While the conversation about chumming and habituating sharks is a perennial favourite, clearly more study needs to be done with operators enabling research at sites where sharks, people, and chumming occur.
Shane Pinder Blog
This is a continuation of the topic of shark feeding dives started in an earlier post.
Scuba Diving Forum posted a comment to that post that included a link to a very interesting article on the Shark Foundation site about a study on the impact on white shark cage diving.
The study concluded that chumming for white sharks does not condition or habituate them because the sharks don’t receive any food in the chumming process.
I wonder though if the research on white shark cage diving applies to the type of shark feeding done in the Bahamas and other parts of the Caribbean.
The conclusion that white shark cage diving does not result in the conditioning of white sharks to associate humans with food seems to hinge on the fact that white sharks are not fed during cage dives. The water is chummed with blood to attract them and the food on bait line is pulled away from them so that they never actually get a reward.
This is not what happens on shark dives in The Bahamas. The sharks do receive a reward (food). The article does refer to conditioning of three shark species in captivity -
“Conditioning has been demonstrated in a captive situation in the lemon shark, Negaprion brevirostris (Clark 1959, Wright & Jackson 1964), nurse shark, Ginglymostoma cirratum (Aronson et al. 1967) and the bull shark, Carcharhinus leucas (Wright & Jackson 1964). ”
These species are all present in Bahamian waters.
The article also discusses the demonstrated learning ability of Tiger sharks (also present in Bahamian waters) - “The learning ability of sharks is also demonstrated under natural conditions. For two weeks a year in June off the shallows of Hawaii, tiger sharks (Galeocerdo cuvier) congregate to feed on young albatross that take land on the waters surface whilst learning to fly (Martin 2003). Although the sharks initially have very little success in preying on the chicks, within 3-5 days they learn the technique needed to successfully capture the young birds and, on missing a prey item, to swim a short distance upwind to where the panicked bird will land (Martin 2003).”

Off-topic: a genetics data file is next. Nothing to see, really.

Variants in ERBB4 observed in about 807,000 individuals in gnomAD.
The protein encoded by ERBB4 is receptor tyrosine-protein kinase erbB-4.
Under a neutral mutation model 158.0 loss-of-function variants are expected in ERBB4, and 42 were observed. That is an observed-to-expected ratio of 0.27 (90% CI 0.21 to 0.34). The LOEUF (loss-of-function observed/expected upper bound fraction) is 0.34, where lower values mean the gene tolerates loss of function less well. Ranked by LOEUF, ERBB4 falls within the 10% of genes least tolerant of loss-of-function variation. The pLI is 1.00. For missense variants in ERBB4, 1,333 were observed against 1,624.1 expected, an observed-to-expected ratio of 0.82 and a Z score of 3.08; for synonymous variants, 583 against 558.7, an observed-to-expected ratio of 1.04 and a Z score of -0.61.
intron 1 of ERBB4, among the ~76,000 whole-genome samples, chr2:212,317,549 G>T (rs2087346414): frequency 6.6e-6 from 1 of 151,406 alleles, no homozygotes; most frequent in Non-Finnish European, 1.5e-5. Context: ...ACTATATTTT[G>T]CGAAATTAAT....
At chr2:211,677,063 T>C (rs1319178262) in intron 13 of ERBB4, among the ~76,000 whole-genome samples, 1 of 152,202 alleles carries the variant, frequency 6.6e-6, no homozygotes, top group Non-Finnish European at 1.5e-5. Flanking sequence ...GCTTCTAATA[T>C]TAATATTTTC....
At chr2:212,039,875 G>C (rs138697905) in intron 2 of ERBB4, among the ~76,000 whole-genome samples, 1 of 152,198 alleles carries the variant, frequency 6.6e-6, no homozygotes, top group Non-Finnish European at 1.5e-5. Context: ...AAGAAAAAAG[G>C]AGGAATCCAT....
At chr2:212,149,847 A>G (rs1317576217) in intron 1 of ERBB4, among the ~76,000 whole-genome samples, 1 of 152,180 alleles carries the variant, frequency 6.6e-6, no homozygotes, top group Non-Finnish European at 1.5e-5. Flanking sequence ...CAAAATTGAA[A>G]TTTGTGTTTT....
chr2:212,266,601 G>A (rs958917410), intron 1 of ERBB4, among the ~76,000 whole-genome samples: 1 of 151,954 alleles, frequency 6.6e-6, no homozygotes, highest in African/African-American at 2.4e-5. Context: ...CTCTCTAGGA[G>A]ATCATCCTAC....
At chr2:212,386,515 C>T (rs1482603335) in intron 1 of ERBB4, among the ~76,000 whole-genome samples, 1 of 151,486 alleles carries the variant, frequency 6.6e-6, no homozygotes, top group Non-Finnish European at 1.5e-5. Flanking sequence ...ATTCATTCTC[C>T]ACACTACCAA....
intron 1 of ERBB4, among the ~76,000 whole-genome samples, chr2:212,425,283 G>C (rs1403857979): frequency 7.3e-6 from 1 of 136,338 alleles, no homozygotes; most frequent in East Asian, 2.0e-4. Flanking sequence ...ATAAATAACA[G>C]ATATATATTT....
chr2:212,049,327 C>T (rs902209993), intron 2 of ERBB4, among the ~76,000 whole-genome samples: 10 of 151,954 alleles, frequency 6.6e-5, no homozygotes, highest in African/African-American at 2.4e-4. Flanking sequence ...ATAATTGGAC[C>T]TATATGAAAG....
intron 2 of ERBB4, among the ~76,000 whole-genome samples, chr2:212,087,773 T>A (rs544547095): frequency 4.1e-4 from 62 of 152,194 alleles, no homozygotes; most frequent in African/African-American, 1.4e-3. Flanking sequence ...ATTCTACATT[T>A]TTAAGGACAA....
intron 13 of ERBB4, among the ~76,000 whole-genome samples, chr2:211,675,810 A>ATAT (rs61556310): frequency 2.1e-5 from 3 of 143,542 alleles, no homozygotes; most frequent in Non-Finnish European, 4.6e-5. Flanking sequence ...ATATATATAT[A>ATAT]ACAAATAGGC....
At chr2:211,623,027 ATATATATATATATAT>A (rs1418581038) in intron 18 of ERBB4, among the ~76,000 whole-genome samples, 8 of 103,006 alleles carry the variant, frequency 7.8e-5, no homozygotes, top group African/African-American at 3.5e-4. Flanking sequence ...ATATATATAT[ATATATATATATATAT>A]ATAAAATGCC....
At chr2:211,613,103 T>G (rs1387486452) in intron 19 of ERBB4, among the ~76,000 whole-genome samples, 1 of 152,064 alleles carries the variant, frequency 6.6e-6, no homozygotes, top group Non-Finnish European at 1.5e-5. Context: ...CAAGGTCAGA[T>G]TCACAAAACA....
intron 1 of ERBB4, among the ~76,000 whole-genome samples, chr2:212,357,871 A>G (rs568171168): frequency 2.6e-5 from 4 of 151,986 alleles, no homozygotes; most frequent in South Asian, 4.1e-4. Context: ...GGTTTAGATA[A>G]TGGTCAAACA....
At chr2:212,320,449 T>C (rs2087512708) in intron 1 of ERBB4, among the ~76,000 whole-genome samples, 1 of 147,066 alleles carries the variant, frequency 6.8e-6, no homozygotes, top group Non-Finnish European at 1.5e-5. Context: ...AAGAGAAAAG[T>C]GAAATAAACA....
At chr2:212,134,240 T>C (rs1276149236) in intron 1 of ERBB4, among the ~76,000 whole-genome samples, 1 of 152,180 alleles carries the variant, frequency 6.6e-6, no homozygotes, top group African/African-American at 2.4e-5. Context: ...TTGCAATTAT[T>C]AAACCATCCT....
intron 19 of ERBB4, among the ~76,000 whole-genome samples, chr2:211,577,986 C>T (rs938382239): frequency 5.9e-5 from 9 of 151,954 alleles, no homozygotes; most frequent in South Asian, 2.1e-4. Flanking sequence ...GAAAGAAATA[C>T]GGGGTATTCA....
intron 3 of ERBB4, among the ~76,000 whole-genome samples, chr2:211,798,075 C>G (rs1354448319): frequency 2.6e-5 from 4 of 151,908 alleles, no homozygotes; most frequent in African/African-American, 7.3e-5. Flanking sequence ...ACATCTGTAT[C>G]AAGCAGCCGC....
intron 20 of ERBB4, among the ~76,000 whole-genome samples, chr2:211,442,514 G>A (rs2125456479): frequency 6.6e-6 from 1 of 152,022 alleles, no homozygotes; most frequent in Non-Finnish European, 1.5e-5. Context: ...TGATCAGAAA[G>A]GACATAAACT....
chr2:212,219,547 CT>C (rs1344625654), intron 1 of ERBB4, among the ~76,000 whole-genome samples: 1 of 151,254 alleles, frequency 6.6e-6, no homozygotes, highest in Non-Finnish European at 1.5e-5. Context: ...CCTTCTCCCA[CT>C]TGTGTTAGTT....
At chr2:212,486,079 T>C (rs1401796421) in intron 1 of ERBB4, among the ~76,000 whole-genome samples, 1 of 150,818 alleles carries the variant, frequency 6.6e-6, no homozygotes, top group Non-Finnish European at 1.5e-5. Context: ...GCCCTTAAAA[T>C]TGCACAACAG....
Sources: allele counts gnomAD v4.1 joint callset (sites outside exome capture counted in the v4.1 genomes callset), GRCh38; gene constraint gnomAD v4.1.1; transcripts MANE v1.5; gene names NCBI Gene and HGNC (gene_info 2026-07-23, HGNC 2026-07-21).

The question is still whether or not the type of shark dives which involve sharks obtaining a reward (food) condition sharks to associate humans with food.
If these dives do create conditioning, does it follow that sharks are then more likely to attack humans in areas where they have been conditioned to associate humans with food?
From personal experience, I know that there are dives sites close to shark feeding sites where you can expect to see sharks even though no feeding is going on. In my experience, while the sharks at these sites have not been aggressive, they certainly hang around during the entire dive. They don’t appear to be bothered by such close contact to humans.
On dive sites that are not close to shark feeding sites, it is unusual to see any sharks. If you do happen to see a shark, it is usually only a glimpse of it as it cruising by in the distance. It doesn’t hang around.
- Does this study help to confirm that shark dives in which sharks get food do not condition sharks to associate food with humans?
- Do you think that shark dives that result in sharks being fed condition sharks to associate food with humans?
- If sharks are conditioned by these types of dives to associate food with humans, does that make it more likely that shark attacks will occur?